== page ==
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Re: RDDL Proposal from Tim Bray

From: Patrick Stickler <patrick.stickler@nokia.com>
Date: Tue, 3 Dec 2002 09:55:14 +0200
Message-ID: <008201c29aa1$500963c0$a09216ac@NOE.Nokia.com>
To: "ext Tim Bray" <tbray@textuality.com>
Cc: "WWW-Tag" <www-tag@w3.org>

I would like to ask two specific questions. These have been
asked before, in various ways, but I've yet to see a satisfactory
rationale/justification to the answers provided -- i.e. responses have
been assertions/opinions, not arguments with clear rationale or basis.

1. What is a namespace? What is its nature? What is its composition?

I'm presuming that the definition of a namespace is some interpretation
of the XML Namespaces rec, but many/most RDDL or RDDL-like proposals reflect 
what I would consider an invalid interpretation of that definition.

2. Is a RDDL instance a valid representation of a namespace?

This second question of course depends on the answer to the first. It
appears though, that a presumed (or desired) answer of "yes" to this
question is interfering with an objective answer to the first question. 
I.e., we will define a namespace to be whatever will allow a RDDL instance
to be a valid representation, even if that violates the REST model.

My own understanding/interpretation of the XML Namespaces rec is that
namespaces are simply collections of names; nothing more. And a namespace
does not include any knowledge about other resources which may describe
that collection of names, such as DTDs, XML schemas, RDF schemas, RELAX
NG schemas, etc. or style sheets to be used when displaying content
tagged with terms grounded in that namespace, etc.

Thus, a RDDL instance is mostly made up of knowledge that is not actually
part of the namespace resource -- and therefore has no business in any
representation of that resource. As such, I don't consider any of the RDDL
proposals (regardless of encoding used) to be valid representations of
a namespace resource and hence it is IMO invalid to return a RDDL instance
when dereferencing a namespace URI.

AS I've stated before, I fully agree that a standardized mechanism for
obtaining knowledge about resources relevant to other resources is
needed, but namespace URIs are the wrong mechanism to use to obtain
that knowledge, for numerous reasons that have been pointed out earlier.

C.f. http://lists.w3.org/Archives/Public/www-tag/2002Feb/0022.html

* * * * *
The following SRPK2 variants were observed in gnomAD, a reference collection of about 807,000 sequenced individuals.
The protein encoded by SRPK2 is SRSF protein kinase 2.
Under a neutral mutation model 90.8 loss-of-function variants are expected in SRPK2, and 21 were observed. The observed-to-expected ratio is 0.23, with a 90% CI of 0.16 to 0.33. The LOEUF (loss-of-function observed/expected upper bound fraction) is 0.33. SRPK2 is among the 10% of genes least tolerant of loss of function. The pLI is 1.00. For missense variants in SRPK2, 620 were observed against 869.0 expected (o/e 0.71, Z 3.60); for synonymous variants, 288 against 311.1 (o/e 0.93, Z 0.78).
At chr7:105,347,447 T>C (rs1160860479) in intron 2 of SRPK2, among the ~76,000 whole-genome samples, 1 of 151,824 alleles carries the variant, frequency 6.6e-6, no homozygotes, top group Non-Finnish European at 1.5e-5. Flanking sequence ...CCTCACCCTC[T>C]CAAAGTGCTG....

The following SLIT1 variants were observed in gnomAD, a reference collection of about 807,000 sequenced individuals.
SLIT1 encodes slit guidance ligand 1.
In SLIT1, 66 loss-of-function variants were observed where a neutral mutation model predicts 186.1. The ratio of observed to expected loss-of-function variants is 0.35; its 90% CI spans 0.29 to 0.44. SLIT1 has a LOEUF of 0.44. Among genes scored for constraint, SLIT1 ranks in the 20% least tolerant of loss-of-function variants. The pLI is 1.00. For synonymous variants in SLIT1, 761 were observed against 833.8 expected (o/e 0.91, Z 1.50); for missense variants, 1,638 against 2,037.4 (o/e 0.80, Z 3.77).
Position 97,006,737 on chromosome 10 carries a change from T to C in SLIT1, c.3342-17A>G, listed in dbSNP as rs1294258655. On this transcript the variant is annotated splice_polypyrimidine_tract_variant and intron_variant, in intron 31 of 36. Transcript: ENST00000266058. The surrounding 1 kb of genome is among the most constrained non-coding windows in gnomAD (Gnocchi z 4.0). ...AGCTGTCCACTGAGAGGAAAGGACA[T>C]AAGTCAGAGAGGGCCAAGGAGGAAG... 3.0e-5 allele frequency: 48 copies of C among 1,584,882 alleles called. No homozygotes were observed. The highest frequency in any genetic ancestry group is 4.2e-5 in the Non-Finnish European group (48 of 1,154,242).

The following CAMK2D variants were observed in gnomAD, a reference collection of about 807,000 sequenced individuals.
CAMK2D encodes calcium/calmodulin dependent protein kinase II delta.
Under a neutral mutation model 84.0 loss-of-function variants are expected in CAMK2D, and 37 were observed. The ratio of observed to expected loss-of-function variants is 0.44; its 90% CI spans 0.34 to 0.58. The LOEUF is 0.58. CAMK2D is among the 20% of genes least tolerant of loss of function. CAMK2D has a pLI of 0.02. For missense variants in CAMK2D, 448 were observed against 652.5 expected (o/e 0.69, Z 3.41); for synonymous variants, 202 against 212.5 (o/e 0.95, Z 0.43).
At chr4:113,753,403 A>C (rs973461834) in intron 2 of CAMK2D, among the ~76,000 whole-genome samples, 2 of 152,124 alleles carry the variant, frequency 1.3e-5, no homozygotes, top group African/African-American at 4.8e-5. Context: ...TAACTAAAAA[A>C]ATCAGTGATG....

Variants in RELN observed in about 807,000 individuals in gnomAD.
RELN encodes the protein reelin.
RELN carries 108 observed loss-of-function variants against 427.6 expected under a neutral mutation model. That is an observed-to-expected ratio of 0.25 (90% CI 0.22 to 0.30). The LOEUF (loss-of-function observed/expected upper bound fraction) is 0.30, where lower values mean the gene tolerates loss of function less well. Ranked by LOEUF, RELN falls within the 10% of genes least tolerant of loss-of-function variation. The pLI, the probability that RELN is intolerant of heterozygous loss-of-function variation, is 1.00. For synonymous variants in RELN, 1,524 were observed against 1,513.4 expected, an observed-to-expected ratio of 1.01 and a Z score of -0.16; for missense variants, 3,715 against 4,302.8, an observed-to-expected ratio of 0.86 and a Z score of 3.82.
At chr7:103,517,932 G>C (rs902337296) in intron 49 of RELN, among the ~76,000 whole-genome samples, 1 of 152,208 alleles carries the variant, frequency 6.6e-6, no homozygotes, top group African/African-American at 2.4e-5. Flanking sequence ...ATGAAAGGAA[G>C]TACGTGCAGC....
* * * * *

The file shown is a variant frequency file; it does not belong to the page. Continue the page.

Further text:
Resolving namespace URIs is a short term hack/kludge. There are better
ways to provide access to resource metadata, such as extending HTTP
to provide for e.g. META-GET which can return RDF statements about
a resource, without overloading the (limited) semantics of namespace
URIs in a manner that does not correspond to the relationships of
namespaces to terms to vocabularies to models to schemas, etc.

Regards,

Patrick

[Patrick Stickler, Nokia/Finland, (+358 40) 801 9690, patrick.stickler@nokia.com]


----- Original Message ----- 
From: "ext Tim Bray" <tbray@textuality.com>
To: "Tim Bray" <tbray@textuality.com>
Cc: "WWW-Tag" <www-tag@w3.org>
Sent: 03 December, 2002 03:13
Subject: RDDL Proposal from Tim Bray


> 
> > Here's the example.  There's a namespace whose name is 
> > "http://example.com/L".  It has a RelaxNG schema at 
> > "http://example.com/schemas/L.rng" with nature 
> > "http://relaxng.org/ns/structure/1.0" and purpose 
> > "http://www.rddl.org/purposes#validation".  It has a CSS stylesheet at 
> > "http://example.org/style/L.css" with nature 
> > "http://www.isi.edu/in-notes/iana/assignments/media-types/text/css" and 
> > purpose "http://www.rddl.org/purposes#render".
> > 
> > Please propose examples
> 
> I'm surprised at the lack of response to date.  The amount of 
> namespace-bearing XML in the world is increasing at a very high rate, 
> and that rate will accelerate dramatically sometime next year with the 
> release of MS Office 11.  I think it's important that we get some 
> consensus as to what those namespace canusefully point at, to provide 
> some interoperability in the marketplace.
> 
> So, here's my proposal.
> 
> Give up on XLink because this is not an end-user-oriented browsing 
> application, and because using "role" and "arcrole" for Nature and 
> Purpose is a kludge.
> 
> Give up on RDF because there is a poor match between RDDL's goals 
> (dereference a URI and use the results to look up other URIs in based on 
> nature & purpose) and RDF's goals (building an inference-capable network 
> of assertions about everything).
> 
> I propose one new element <rddl:rr> for each related resource, embedded 
> in XHTML as though it were in %Flow.mix, with attributes href, nature, 
> purpose, title, id, and prose.
> 
> <html xmlns:rddl="http://www.rddl.org">
> <head><title>The L namespace</title></head>
> <body><h1>The L Namespace</h1>
> <p>The name of the namespace is http://example.com/L.</p>
> <rddl:rr href="/schemas/L.rng"
>           title="RelaxNG Schema"
>           nature="http://relaxng.org/ns/structure/1.0"
>           purpose="http://www.rddl.org/purposes#validation" />
> <rddl:rr href="/style/L.css"
>           title="CSS Stylesheet"
>           nature=
>      "http://www.isi.edu/in-notes/iana/assignments/media-types/text/css"
>           purpose="http://www.rddl.org/purposes#render" />
> </body>
> </html>
> 
> Pro: easy for anyone to understand, parse, and generate.
> Con: Isn't XLink so if a generic XLink processor existed, it wouldn't be 
> able to use it.
> Con: Isn't RDF, so not directly part of the Semantic Web (on the other 
> hand, you could trivially generate any of the dozens of different 
> RDDL/RDF proposals based on reading the above).
> 
>   -Tim
> 
> 
Received on Tuesday, 3 December 2002 02:55:48 GMT

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